Mariela Regalado is a relambia who loves to tell stories, specifically about her experiences as a Dominican American growing up between New York and Santiago, Dominican Republic. As director of college counseling at Brooklyn’s Juan Morel Campos Secondary School, she was named Hometown Hero in Education by the Daily News for her work with students in Brooklyn and the Bronx. Her writing has appeared in Remezcla, Fierce, La Galería Magazine, Harvard Latinx Law Review, St. Sucia, the Manhattan Times, and the Bronx Free Press.
On December 20 the Dominican Writers Association, with support from Poets & Writers’ Readings & Workshops program, hosted a crucial conversation centered on the idea that there are missing voices from the literary canon that deserve to be amplified. The decision to host the event at Word Up Community Bookshop, a multilingual, nonprofit community bookstore run by volunteers in the Washington Heights neighborhood of New York City, was an easy one as they share many of the same values as the Dominican Writers Association, an organization created and run by writers of Dominican heritage in New York City that aims to support and foster the development of creative writers.
Writer and teacher JP Infante, who hosts a regular series at Word Up, led the conversation between poets Julian Randall and Gabriel Ramirez. The chairs were set up in a semicircle and the two guests sat in the center. Infante opened the conversation by introducing Julian Randall, a living queer Afro-Dominican poet from Chicago and MFA candidate in poetry at the University of Mississippi.
Randall’s debut poetry collection, Refuse (University of Pittsburgh Press, 2018), won the 2017 Cave Canem Poetry Prize. While browsing the shelves of new and used books before the event, I spoke briefly to Randall, who was wearing a burgundy T-shirt with white bold letters that spelled out the word REPARATIONS. I asked what reparations meant to him and he replied: “It means to me, a redress of grievances, a possibility for a new beginning.... There are certain ways in which we’ve been deprived; even of the ability to begin narratives where we would like to begin them. It means the ability to revise history.”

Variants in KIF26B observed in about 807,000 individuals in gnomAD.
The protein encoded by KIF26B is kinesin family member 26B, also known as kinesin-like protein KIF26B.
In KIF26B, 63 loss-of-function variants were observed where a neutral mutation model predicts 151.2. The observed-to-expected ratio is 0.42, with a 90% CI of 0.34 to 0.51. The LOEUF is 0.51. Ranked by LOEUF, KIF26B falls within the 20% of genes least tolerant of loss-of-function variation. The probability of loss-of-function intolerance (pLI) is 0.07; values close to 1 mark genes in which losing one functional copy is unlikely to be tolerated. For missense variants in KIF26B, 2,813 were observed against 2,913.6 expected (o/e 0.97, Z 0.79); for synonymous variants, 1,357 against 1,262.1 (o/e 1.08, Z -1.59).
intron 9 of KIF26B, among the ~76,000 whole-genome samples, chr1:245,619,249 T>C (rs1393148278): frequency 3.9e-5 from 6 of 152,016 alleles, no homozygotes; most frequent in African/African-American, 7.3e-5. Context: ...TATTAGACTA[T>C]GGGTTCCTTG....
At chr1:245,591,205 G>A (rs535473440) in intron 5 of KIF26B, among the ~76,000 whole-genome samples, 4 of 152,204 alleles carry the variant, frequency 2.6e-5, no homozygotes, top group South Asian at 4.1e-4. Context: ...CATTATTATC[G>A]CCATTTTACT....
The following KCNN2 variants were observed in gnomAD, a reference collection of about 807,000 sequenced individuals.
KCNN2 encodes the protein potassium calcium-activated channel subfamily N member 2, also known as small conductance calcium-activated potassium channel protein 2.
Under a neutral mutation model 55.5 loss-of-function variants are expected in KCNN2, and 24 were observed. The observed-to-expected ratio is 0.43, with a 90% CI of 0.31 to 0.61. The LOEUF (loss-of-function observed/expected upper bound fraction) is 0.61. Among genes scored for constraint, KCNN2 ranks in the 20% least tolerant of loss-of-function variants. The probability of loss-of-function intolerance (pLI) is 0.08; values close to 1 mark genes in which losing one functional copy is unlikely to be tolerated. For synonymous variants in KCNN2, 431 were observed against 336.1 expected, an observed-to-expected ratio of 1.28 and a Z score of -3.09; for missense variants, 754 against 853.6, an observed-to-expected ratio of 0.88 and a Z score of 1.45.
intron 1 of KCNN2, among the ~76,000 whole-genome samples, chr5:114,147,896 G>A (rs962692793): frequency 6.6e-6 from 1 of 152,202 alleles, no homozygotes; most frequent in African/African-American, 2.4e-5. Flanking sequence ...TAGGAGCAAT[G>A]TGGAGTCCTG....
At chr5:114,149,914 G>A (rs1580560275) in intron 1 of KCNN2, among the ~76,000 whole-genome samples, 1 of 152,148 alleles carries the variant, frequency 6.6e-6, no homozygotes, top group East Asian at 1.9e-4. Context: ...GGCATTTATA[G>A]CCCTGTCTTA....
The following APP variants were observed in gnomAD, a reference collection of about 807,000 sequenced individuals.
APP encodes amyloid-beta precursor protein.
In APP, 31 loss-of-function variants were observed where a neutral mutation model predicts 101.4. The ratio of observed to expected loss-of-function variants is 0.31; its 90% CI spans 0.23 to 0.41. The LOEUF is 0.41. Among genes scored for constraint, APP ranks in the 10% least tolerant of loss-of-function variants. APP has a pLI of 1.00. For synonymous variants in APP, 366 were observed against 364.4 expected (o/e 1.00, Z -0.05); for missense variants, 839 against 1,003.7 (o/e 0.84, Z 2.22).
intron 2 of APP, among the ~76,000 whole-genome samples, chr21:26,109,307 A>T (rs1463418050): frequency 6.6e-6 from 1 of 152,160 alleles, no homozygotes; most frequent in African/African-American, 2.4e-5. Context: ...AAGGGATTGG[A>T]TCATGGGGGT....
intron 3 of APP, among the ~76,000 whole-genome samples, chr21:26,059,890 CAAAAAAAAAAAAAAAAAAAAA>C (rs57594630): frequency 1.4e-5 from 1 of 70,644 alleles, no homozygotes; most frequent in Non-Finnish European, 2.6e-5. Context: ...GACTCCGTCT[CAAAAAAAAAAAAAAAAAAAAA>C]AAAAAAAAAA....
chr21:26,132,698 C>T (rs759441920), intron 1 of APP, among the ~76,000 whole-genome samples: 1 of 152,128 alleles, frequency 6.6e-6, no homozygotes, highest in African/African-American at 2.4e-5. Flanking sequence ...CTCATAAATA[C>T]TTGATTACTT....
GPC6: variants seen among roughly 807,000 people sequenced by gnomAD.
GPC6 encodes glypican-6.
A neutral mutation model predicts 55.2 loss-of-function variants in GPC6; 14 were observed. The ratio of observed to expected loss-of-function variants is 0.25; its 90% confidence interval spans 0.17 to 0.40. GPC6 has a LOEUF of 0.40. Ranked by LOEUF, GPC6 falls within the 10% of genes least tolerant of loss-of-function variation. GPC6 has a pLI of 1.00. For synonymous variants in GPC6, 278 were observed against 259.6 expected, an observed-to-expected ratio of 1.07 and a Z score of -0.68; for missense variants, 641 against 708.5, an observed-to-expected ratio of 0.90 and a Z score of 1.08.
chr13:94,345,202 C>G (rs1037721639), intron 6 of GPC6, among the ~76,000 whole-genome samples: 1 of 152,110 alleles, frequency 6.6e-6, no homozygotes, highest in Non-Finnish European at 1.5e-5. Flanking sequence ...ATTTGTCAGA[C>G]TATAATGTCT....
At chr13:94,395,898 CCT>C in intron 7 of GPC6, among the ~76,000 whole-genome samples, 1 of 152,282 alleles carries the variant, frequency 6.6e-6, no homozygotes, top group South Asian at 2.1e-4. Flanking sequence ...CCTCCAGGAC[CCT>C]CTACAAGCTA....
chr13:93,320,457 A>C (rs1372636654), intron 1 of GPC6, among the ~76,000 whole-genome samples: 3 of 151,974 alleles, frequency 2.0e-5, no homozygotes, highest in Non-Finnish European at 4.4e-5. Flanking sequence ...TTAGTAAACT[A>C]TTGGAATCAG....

Gabriel Ramirez is a queer Afro-Latinx poet, activist, youth mentor at Urban Word NYC, and MFA candidate in poetry at the University of Mississippi. The first question of the night was: “What is a poet? What is the function of a poet?” Ramirez replied: “What isn’t a poet? What is it to be a breathing archive?” Ramirez’s work is moving and inspiring with intergenerational moments weaved carefully into his writing. His outfit that evening, a black-and-white checkered suit belonging to his late grandfather adorned with gold accessories that were made in the Dominican Republic, also paid homage to his roots.
The intimate conversation between these poets was shared with a kind audience who embraced them like family. There was a shared connection and a feeling of being seen, validated through the words of poets and writers who demonstrated through their stories and pieces that we are not alone.
Attendees were able to chime in during the conversation and asked for clarification in the answers given by Randall and Ramirez, and some were even comfortable enough to share their own anecdotes. I was filled with solid encouragement that there is a space for Latinx writers. To close the event, both Randall and Ramirez delighted us with a reading of their respective works, bringing to life the challenges and struggles they have both experienced as queer Latinx writers.
Support for the Readings & Workshops Program in New York City is provided, in part, by public funds from the New York State Council on the Arts, and the New York City Department of Cultural Affairs, with additional support from the Frances Abbey Endowment, the Cowles Charitable Trust, and the Friends of Poets & Writers.Photos: (top) Mariela Regalado (Credit: NYC Toledo). (bottom) Julian Randall and Gabriel Ramirez with JP Infante (Credit: NYC Toledo).